The Sage of Black Rock


Gralnick, Cronkite’s close associate for many years, couldn’t predict how his boss was going to play the CBS Special Report once they got back to New York. They had spent unforgettable times together in Hue, Khe Sanh, and Saigon, seen a lot of collateral damage, and met scores of soldiers and reporters. But Cronkite continued to be circumspect. “He held his cards close,” Gralnick recalled.

Back in New York, working closely with Salant, Socolow, Gralnick, and Leiser, Cronkite shaped his Vietnam material, extracted from his notebooks. “It was Walter’s writing,” Gralnick explained. “We just helped frame the argument, keep the language harnessed. It was Walter who insisted on using ‘stalemate’ to describe Vietnam.” The primary objective was to make sure viewers didn’t think Cronkite had rushed to judgment.

Wearing a dark suit with matching tie, Cronkite took to the airwaves on February 27, 1968, at 10 p.m. In the half-hour “Report from Vietnam,” he calmly and objectively presented the facts, providing a penetrating illustrated briefing that covered everything from U.S. air raids to villages in ruin. Millions of Americans tuned in.

After the last commercial break, Cronkite turned to look straight into the camera from behind his New York desk, indicating his desire to speak “personally” to the viewers in a speculative and subjective fashion. In his closing words, delivered in strong, reasoned tones, he told the American people what he now firmly believed: from a U.S. military perspective, the Southeast Asian war was unwinnable. (See the sidebar on p. 70 for the full address.)

Cronkite’s editorial wasn’t radical: in many ways, calling the war a “stalemate” was a middling position in 1968. But in the highly polarized national dialogue on Vietnam, it placed Cronkite squarely as a dove. He had lent his august name to the antiwar movement and thereby put it into mainstream America.

His words resonated deeply with millions of viewers. His opinion was widely quoted in the press, opening the door for NBC’s Frank McGee to take a similar stand in a documentary on Vietnam that aired two weeks later. Even the conservative Wall Street Journal’s editorial page said, “The whole Vietnam effort may be doomed.”

Perhaps the most memorable evidence of the report’s impact was the apparent reaction from President Johnson, who purportedly said after the show, “If I’ve lost Cronkite, I’ve lost middle America.” (A scholarly debate has emerged recently over whether Johnson ever really uttered those words—he probably didn’t.) Nobody in the Johnson family believed that the Cronkite commentary was startling to the president—he had been grappling with the post-Tet conditions himself for weeks. But as a political pro, Johnson must have known that the Cronkite broadcast—while stating the obvious—had done him major political damage. The president’s real concern was that Senators Eugene McCarthy and Robert Kennedy had both signaled their determination to challenge him for the Democratic nomination that year. The passions over the war threatened to disrupt national life.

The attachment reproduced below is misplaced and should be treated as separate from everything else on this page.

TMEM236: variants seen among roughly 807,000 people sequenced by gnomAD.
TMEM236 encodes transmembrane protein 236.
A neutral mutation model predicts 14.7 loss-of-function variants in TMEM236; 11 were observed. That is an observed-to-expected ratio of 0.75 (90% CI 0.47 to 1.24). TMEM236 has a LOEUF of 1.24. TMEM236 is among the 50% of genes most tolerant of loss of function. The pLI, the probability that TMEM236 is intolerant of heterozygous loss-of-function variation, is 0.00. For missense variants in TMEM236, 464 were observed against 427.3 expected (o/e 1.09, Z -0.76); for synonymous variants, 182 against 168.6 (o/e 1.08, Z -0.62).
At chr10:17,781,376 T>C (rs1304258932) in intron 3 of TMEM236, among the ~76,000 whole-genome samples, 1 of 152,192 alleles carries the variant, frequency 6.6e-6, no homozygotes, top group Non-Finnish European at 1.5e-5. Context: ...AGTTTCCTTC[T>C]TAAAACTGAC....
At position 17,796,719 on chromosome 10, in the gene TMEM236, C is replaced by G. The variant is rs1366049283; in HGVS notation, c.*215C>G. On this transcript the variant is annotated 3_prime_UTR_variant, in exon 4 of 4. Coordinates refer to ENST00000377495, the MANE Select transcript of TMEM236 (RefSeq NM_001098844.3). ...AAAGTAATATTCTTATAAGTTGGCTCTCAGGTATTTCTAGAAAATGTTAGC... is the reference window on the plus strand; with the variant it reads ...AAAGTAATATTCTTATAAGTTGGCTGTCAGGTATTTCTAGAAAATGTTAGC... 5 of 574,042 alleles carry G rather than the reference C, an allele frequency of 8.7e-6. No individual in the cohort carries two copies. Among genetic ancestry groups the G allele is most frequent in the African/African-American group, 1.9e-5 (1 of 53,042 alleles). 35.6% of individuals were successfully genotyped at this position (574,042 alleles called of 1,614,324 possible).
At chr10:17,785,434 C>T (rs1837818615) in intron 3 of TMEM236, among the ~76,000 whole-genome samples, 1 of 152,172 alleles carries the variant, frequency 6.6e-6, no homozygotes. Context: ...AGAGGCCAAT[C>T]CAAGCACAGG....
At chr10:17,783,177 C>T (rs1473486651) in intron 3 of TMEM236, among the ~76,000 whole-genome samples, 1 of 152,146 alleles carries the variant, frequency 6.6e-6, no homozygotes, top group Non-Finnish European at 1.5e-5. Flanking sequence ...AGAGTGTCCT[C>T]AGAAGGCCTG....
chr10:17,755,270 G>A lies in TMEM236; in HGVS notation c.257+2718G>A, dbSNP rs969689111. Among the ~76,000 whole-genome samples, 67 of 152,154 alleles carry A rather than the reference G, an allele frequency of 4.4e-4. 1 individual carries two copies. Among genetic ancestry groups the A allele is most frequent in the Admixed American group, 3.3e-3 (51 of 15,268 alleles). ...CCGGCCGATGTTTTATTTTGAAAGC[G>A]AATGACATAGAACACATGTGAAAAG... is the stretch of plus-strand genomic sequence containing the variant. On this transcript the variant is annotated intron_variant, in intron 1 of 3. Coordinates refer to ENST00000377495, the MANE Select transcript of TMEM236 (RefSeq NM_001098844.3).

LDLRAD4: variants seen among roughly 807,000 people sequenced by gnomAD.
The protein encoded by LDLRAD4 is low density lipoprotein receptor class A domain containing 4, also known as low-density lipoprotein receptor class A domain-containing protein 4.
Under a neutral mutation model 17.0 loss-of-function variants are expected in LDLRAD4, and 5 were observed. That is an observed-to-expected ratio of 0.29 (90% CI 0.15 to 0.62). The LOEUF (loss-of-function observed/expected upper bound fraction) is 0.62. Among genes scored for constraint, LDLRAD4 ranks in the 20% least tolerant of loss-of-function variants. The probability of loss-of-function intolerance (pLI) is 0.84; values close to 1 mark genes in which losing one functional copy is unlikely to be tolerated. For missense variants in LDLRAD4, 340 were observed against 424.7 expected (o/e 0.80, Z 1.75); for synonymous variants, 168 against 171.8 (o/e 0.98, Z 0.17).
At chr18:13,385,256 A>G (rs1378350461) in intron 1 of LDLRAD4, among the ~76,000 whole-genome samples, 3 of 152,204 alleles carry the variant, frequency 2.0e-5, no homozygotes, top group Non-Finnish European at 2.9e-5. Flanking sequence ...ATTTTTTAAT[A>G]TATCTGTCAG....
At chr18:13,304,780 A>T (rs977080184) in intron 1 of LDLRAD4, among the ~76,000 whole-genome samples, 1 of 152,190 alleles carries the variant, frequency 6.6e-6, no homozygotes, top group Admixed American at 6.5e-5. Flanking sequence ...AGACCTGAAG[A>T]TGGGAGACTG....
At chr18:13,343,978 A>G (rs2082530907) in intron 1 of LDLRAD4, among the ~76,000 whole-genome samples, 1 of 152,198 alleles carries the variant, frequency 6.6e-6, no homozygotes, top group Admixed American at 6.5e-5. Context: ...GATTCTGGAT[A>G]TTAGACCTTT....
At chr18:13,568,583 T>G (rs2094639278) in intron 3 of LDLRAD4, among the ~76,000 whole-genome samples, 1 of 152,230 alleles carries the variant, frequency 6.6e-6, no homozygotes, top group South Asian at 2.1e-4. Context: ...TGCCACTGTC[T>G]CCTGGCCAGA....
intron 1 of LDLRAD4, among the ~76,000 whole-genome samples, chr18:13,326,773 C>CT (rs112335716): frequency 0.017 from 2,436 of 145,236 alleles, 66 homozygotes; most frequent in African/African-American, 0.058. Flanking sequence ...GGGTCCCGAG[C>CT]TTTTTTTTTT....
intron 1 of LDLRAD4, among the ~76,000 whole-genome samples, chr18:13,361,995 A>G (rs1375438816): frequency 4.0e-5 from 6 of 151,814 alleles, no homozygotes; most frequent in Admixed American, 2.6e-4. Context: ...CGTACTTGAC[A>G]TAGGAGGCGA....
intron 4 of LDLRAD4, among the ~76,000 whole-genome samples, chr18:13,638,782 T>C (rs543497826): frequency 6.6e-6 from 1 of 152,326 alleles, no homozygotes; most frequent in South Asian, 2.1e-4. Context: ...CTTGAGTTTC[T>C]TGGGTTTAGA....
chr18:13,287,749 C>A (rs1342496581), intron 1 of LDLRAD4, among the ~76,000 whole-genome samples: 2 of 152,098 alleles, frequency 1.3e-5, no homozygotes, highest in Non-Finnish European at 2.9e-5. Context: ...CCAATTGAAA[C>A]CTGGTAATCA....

Reflecting on Cronkite’s dissent, Newsweek noted that it was as if Lincoln himself had ambled down from his white marble Memorial seat and joined an anti–Vietnam War rally. With his honest commentary, Cronkite had vaulted into the annals of American journalism history.

Cronkite’s “Report from Vietnam” represented a turning point. “It was the first time in American history,” David Halberstam wrote, “that a war had been declared over by a commentator.” The war, however, was far from over in fact. It still had years of anguish, death, and tragedy in store.

Robert Kennedy Challenges Johnson

A little over two weeks after Cronkite’s broadcast, Robert F. Kennedy formally announced his candidacy for president. All hell broke loose in the Democratic primary field. Less than two weeks later, on March 31, President Johnson scheduled a televised message about limiting U.S. involvement in Vietnam by declaring a partial halt in bombing missions. The Oval Office was set up with cameras for the speech. As Johnson entered, he muttered to a CBS technician, “Cronkite isn’t going to like this.” As LBJ stared at the White House television camera, he looked uneasily at the lens for a second or two and then began speaking about Vietnam in his distinctive Texas Hill Country twang. But, then, quite unexpectedly, he announced, “I shall not seek, and I will not accept, the nomination of my party for another term as your president.”

That Sunday LBJ’s face seemed to disintegrate on millions of home screens as if melting from within. It was a shocking national announcement. A pressing question that immediately made the rounds was whether the “Report from Vietnam” had contributed to Johnson’s decision. The president later insisted in an interview with Cronkite that he could have won a second full term in 1968, but by that March he was a tired man, facing medical problems and a crisis of confidence across the country. Extracting America from the Vietnam quagmire would be a formidable job. His energies were needed at the White House, not gallivanting around to Democratic fund-raisers. So, with the encouragement of his devoted wife, Lady Bird, the president abruptly bowed out of the 1968 presidential contest. “We had not expected,” Cronkite wrote, “that the president himself would react like he did. No one has claimed, and I certainly don’t believe, that our broadcast changed his mind about anything. I do believe it may have been the back-breaking piece of straw that was heaped on the heavy load he was already carrying.”